What happened with The Great American History Puzzle?
Up until the last day, The Great American History Puzzle, the Ken Jennings-penned race through the vaults of the Smithsonian, was a masterful piece of puzzlemaking. Each puzzle was exquisitely crafted, most of them deserving the highest of accolades for the medium: they were elegant. The kind of puzzle that, after you crack it, causes a slow smirk and head shake in awe of its creator. Jennings managed to come up with a variety of clever puzzle types, many of them involving mechanics reflected in the puzzle’s final answer. (I’m intentionally avoiding specifics since people are still working on it, and they haven’t revealed the answers yet.)
I participated in the hunt, and appreciated the puzzles not only as a crafter, but also as a solver. And I had a lot of luck solving them. As the hunt was nearing its final stages, I sniffed around on Twitter to get sense of what kind of competition I was in. It seemed to be pretty sizable. Then Jennings posted a blog post saying fewer than two dozen people had solved all the puzzles so far. I had a chance to win it. So, I took a look at what clues were exposed about the final answer, and I realized the thing might be crackable. I cleared out an evening and spent an exhilarating four hours scratching my way through the final, half-hidden acrostic. I finally got it — and couldn’t really believe it.
Turns out I wasn’t alone — a handful of other folks figured out the same back door I did. But all we overambitious solvers had a weird problem — the rules stated we couldn’t submit our answers until 2 PM EDT on Monday, October 22nd. It appeared the contest was going to come down to a race for who could fire off an email fastest (the final answers had to be delivered to a then-secret email address) instead of puzzle aptitude. So we all clung to one hope: a proviso in the rules that said a tiebreaker would be issues for responses that arrived at the same time. But what would constitute the same time? Same second? Same minute?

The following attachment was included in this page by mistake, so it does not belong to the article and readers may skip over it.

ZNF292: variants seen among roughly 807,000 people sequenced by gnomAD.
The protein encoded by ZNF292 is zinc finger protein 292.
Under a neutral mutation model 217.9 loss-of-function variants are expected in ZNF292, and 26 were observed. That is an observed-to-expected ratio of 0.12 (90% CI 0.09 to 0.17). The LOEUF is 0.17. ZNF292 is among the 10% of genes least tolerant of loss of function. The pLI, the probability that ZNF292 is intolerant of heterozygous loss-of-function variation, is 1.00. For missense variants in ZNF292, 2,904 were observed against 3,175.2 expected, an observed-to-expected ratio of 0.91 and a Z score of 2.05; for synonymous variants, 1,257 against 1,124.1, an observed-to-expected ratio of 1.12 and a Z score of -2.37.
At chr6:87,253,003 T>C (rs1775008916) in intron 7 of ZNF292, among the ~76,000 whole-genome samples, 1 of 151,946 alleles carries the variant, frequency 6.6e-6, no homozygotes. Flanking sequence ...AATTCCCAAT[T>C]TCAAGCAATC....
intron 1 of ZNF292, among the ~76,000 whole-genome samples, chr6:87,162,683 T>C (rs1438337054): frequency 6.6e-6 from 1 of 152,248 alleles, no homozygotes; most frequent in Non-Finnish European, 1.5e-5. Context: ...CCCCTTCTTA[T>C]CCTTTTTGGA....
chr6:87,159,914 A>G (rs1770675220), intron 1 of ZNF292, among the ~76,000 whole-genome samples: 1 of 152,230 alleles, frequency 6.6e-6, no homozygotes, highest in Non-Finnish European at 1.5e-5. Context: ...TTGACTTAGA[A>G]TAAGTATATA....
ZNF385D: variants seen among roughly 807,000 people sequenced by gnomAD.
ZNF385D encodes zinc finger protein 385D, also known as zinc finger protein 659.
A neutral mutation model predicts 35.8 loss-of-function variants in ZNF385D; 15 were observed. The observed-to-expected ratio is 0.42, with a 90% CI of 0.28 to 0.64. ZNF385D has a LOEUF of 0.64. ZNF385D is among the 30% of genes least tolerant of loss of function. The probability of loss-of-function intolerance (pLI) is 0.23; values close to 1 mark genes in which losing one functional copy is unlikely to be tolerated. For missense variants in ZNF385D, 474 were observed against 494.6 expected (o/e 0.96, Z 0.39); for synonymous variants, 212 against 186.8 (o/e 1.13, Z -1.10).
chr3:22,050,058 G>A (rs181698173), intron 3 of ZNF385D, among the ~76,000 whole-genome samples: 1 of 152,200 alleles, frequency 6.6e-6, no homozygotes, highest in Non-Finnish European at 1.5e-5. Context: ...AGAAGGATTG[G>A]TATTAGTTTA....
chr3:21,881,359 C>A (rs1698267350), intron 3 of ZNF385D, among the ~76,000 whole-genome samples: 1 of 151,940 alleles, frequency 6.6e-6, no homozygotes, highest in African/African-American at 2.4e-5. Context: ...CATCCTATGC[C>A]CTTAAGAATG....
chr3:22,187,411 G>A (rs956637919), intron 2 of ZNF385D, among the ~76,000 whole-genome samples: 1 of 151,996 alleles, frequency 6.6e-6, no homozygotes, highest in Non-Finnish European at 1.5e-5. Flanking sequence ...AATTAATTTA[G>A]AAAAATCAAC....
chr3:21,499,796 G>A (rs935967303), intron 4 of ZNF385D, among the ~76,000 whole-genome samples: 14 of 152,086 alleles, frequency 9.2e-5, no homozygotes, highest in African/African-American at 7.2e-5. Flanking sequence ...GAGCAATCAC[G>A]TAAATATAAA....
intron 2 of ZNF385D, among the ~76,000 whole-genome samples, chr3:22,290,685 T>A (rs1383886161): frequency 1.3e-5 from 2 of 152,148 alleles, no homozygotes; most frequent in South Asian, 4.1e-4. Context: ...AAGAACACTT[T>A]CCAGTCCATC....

We don’t know, because Smithsonian choose not to invoke the rule. I asked them why not, and they said, “While we would have loved to have the drama of a tie-breaker, we had a clear winner.” To them, that was Jeff Davidson, whose email arrived first, at 2:00:20 ET.
How close were the rest of us? Yesterday they posted the times. Thirty seconds separate positions 1 and 13. Seven more came in within the next few minutes. That’s not 20 fast puzzle solvers — that’s 20 people who were already done with the whole thing, who’d solved it the days beforehand and were racing to get their emails in first. (The 21st solver took 33 minutes more.) To me, that’s a tie.
It’s their contest and their rules and ultimately they’re the arbiters of fairness. But the whole thing leaves an unsatisfying taste, for me and several others who are in the same boat. None of us feel we deserve the prize outright — it very well could be that Davidson would have been the fastest on a tiebreaker puzzle. But we would have liked the chance to prove it, instead of being at the mercy of the vagaries of our different email servers.
It’s an unfortunate ending to an event that was an otherwise beautiful expression of the craft. I absolutely hope the Smithsonian does it again, and I hope they hire Jennings again. I just also hope they devise a more equitable ending, so those solvers who gave it the most attention are given a fairer shot at the prize.